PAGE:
Protracted weakness and volatility in commodity prices have taken a punishing toll on oil and gas companies. In response, these companies have focused heavily on increasing efficiency and reducing costs. The current wave of alliance activity—including alliances, joint ventures (JVs), and M&A—among oilfield services and equipment (OFSE) companies, which is spawning an array of promising new offerings, could prove to be a critical enabler of these efforts. And it could make a meaningful difference to the business prospects of OFSE companies, which are also under considerable pressure to cut costs and boost revenues.
Successful outcomes for both operators and contractors are by no means guaranteed, however. In addition to their potential benefits, these alliances present risks to oil and gas companies. These include the risk posed by the growing market share captured by these alliances, which gives participating OFSE companies considerable pricing power. OFSE players in these alliances also face risks, including the challenges of integration and of delivering a credible and distinctive value proposition.
A New Wave of Alliances, JVs, and Mergers
The current downturn in the oil and gas industry is worse than most companies and analysts had envisaged. This challenging industry environment has had a substantial impact on oil and gas companies, many of which have made substantial cutbacks in capital spending and head count.
Amid the industry’s challenges, however, there are reasons for encouragement. These include the improvements in efficiency that the industry has already achieved and continues to pursue. Driven by the quest for greater efficiency and lower costs, the industry is experiencing sweeping changes across its entire landscape: increasingly innovative solutions, growing standardization, and surging creativity in the development of new cost-saving technologies.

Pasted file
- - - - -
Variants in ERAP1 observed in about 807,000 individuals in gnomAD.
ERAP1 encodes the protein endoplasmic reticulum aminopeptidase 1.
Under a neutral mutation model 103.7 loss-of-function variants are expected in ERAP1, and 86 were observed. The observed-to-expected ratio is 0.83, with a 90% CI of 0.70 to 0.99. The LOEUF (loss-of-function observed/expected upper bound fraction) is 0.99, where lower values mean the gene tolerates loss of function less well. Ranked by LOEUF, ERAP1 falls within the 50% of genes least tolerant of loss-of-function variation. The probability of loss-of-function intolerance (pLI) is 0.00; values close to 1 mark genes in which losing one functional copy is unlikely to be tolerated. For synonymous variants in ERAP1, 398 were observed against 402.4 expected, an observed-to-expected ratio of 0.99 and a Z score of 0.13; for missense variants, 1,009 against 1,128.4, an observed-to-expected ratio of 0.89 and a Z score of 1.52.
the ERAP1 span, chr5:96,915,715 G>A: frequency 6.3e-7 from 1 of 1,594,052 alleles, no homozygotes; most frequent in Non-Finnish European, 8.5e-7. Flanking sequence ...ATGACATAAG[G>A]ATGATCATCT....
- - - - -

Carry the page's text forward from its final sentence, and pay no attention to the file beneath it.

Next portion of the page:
In parallel, there has been a new emergence and acceleration of alliance activity, including JVs and M&A, among OFSE companies as they rethink their business models and try to improve the attractiveness of their offerings in response to this environment. (See Exhibit 1.) The first such combinations encountered skepticism among other OFSE players. But increasing numbers of OFSE companies have formed alliances of their own as these combinations appear to be demonstrating real value and gaining acceptance among oil and gas firms.
Most of these combinations fall into three categories (see Exhibit 2):
- Oilfield services providers expanding their offerings. Examples include Schlumberger’s acquisition of Cameron; Baker Hughes’s alliance with CGGVeritas; and, most recently, GE Oil & Gas’s acquisition of Baker Hughes. Even the failed merger between Halliburton and Baker Hughes, although motivated mainly by its potential operating and financial synergies, could be viewed as an example of this type of combination.
- Subsea production system (SPS) manufacturers teaming up with subsea umbilicals, risers, and flowlines (SURF) installers. Examples include the merger between FMC Technologies and Technip and the collaborations between OneSubsea and Subsea 7; GE Oil & Gas and Sapura-Kencana; Saipem and Aker Solutions; and GE Oil & Gas and McDermott.
- Process engineering firms joining forces with installation contractors. Examples include Subsea 7’s alliance with KBR, Petrofac, and McDermott; and the JV between EMAS and Chiyoda.
We believe that five forces support further alliance, JV, and merger activity in this environment:
- The desire among oil and gas companies for engineering solutions that structurally lower costs, reduce lead time, and improve the reliability of delivery.
- The perceived need among oil and gas companies for business model evolution and a step change in operational efficiency. Oil and gas companies also want to be able to reduce interface costs between or among multiple contractors and hold one contractor responsible.
- The opportunity for OFSE players to secure inexpensive access to valuable assets and capabilities. Some OFSE companies are in financial distress; this presents opportunities for others to gain access to assets (of contractors) and proprietary know-how (of product and service companies) at attractive rates.